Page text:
April 13, 2015


Written by Joe Kamau, twitter@Tsar_Joe

The Aberdares is one of the few remaining rain forests and the largest in East Africa. It is home to among others; leopards, the endangered African elephant, black rhino, and the majestic yet rare African golden cat. The forest boasts of a myriad of biodiversity with vegetation species approximating 778 plant species including exotic hardwoods such as camphor, cedar, podo and hagenia can be found. Even more importantly, from the aberdares originates Kenya’s largest rivers namely Athi and Tana acting as a catchment area..

Unfortunately, over the recent past a surge in forest fires has posed a significant threat to this great water tower. In addition, rise in global temperatures and the prolonged dry seasons can well be attributed to our forests’ dwindling status. Even more disturbing is that each time there is a forest fire we are caught unawares. Take 2012 and 2014 for instance, where despite persistent warnings by the Kenya Forest Service, the Aberdares and Mt Kenya forests lost about 80 square kilometres of grassland and 1000 acres to the flames respectively.

I however must commend the efforts of our gallant Kenya Wildlife Service, Kenya Forest Service (KFS), Police, National Youth Service (NYS) officers and other members of the public for aggregating their efforts to put out the fire. I am however perturbed by the current reactive strategy undertaken by the custodians of these two great water towers. The force was gravely underfunded and under-equipped to deal with these fires. Adoption of better preparedness when dealing with this fire menace should be done before it consumes whatever’s left of our wildlife, flora and fauna.

Good news is that we have possible solutions that we can choose to apply. Learning from other countries since forest fires are not an entirely new phenomenon will be a good starting point. Secondly, Kenya’s forest firefighting department need to be well funded and better equipped to deal with this phenomenon. Thirdly, the force must undertake a continuous yet rigorous training drills in order to fast-track their effectiveness. Fourthly, the department needs to install fire retardants along researched points where fires are likely to start. However, the use of these hydrants must be limited as they pose other environmental hazards to both humans and wildlife. Some have been known to increase the acidity of soil while others simply decrease the nutrients in the soil. Some even change the entire soil chemistry in an area. There is also the risk of the retardants seeping into the water catchment areas and hence contaminating water that is meant for cultivation and other domestic uses.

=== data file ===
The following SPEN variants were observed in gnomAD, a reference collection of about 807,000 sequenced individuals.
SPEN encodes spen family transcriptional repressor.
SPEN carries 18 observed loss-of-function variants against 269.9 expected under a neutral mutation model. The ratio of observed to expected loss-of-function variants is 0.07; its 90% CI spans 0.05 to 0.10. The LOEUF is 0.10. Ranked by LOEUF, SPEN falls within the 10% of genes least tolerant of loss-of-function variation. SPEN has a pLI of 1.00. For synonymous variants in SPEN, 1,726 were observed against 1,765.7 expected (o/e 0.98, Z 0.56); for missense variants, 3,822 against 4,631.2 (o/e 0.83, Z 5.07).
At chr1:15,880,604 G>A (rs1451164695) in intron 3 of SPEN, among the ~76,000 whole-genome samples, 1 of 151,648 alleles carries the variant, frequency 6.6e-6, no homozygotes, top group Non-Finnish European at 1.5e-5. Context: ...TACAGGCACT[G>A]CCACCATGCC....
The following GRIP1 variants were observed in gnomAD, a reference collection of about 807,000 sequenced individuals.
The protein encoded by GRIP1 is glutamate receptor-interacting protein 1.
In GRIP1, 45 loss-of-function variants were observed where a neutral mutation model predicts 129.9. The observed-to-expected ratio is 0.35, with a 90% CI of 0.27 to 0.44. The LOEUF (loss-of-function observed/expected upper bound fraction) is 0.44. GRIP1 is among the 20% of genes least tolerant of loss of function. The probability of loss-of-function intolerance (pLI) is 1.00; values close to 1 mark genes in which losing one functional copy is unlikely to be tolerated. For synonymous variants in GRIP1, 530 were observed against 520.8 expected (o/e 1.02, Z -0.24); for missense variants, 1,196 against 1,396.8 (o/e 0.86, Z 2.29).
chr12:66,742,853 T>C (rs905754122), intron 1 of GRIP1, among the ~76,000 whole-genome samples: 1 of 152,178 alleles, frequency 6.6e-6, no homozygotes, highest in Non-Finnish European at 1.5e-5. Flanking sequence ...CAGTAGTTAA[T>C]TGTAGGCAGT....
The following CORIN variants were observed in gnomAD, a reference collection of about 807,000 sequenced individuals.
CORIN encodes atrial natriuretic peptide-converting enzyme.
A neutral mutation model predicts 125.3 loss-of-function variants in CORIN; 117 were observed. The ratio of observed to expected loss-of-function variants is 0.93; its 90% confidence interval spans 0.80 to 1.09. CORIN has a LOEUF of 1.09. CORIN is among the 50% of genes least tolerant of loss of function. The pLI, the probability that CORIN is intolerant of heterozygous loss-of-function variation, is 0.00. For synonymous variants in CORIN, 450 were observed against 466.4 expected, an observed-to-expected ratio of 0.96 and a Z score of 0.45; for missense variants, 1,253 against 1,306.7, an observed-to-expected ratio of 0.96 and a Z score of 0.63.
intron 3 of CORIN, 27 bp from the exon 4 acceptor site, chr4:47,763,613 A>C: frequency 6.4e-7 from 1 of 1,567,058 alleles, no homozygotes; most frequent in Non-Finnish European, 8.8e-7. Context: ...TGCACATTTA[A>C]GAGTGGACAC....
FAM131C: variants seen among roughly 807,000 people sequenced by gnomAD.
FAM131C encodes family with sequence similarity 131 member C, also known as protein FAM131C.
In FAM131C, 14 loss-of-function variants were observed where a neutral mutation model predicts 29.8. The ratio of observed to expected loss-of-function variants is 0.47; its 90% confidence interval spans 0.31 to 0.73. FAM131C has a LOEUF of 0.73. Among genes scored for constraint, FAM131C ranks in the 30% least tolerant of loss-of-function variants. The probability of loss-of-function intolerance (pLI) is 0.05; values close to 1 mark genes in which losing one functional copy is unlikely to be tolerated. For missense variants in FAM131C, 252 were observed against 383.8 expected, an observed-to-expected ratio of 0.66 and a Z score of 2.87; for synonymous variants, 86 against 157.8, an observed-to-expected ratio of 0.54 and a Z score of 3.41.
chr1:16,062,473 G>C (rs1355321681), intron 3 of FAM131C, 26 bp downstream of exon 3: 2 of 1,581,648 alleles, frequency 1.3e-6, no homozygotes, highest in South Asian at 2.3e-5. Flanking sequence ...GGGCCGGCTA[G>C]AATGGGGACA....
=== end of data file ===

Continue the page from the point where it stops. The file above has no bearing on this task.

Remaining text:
In conclusion, all fires in Kenya are known to be arson related. Of these fires 40% of them are usually out of malicious intent. 30% are caused by apathy and negligence while the sources of the rest are unknown sources. If we could eliminate the human aspect to forest fires, we would eliminate 70% of all forest fires. Food for thought aye?

Editor: Namboka Belinda
Photo courtesy of KTN Kenya.



  1. This is a fantastic article. I think its high time forest fires were treated with the seriousness the pose.

    I would however like to point out a few things that may have been ignored/ hyperbole'd;

    1. the forest service firefighting department is well funded through the miti mingi maisha bora programme, the funds are just poorly managed in buying equipment that are not relevant to our ecosystem or forests types. Thus the article should condemn that instead.
    2. Forest firefighting, according to forest management is not about equipment, more about strategy. KFS should thus be maintaining fire breaks and fire lines more effectively reducing the damage caused by fire.

    3. Lastly fire isnt a bad thing. A fire in some cases is the easiest way yo break seed dormancy, get rid of ground debris that can choke a seedling and increase soil fertility in some cases... and i think the article should also carter for that..

    All in all natural fires occur all over. So does arson, and as such, it is important that KFS educates the community and institutions that are around the forest on how to quell small fires. furthermore they can use CFA's as a means to police the community (which they do- they just need to better the relationship) making it easier for arsonist to be brought to book.

    This is just my two cents AYICC team, but a really good article, all in all.


  2. Interesting read Joe Kamau! Keep the writing spirit going.